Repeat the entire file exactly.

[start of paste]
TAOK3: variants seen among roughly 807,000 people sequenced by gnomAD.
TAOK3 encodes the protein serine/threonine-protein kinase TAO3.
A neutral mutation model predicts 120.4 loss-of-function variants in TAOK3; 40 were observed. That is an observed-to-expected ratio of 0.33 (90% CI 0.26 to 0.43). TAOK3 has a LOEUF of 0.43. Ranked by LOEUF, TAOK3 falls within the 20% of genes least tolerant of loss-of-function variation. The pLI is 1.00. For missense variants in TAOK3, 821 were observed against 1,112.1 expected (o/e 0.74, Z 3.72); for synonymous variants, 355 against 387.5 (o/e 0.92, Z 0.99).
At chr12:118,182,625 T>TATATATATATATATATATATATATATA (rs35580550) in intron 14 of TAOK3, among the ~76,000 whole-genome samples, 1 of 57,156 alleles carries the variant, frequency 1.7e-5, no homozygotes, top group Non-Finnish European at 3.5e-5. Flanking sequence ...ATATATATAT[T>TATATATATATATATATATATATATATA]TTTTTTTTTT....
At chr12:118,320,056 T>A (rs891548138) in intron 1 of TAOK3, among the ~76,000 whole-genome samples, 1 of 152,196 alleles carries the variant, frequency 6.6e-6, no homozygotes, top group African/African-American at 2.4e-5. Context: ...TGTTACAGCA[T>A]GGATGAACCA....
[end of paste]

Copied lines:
TAOK3: variants seen among roughly 807,000 people sequenced by gnomAD.
TAOK3 encodes the protein serine/threonine-protein kinase TAO3.
A neutral mutation model predicts 120.4 loss-of-function variants in TAOK3; 40 were observed. That is an observed-to-expected ratio of 0.33 (90% CI 0.26 to 0.43). TAOK3 has a LOEUF of 0.43. Ranked by LOEUF, TAOK3 falls within the 20% of genes least tolerant of loss-of-function variation. The pLI is 1.00. For missense variants in TAOK3, 821 were observed against 1,112.1 expected (o/e 0.74, Z 3.72); for synonymous variants, 355 against 387.5 (o/e 0.92, Z 0.99).
At chr12:118,182,625 T>TATATATATATATATATATATATATATA (rs35580550) in intron 14 of TAOK3, among the ~76,000 whole-genome samples, 1 of 57,156 alleles carries the variant, frequency 1.7e-5, no homozygotes, top group Non-Finnish European at 3.5e-5. Flanking sequence ...ATATATATAT[T>TATATATATATATATATATATATATATA]TTTTTTTTTT....
At chr12:118,320,056 T>A (rs891548138) in intron 1 of TAOK3, among the ~76,000 whole-genome samples, 1 of 152,196 alleles carries the variant, frequency 6.6e-6, no homozygotes, top group African/African-American at 2.4e-5. Context: ...TGTTACAGCA[T>A]GGATGAACCA....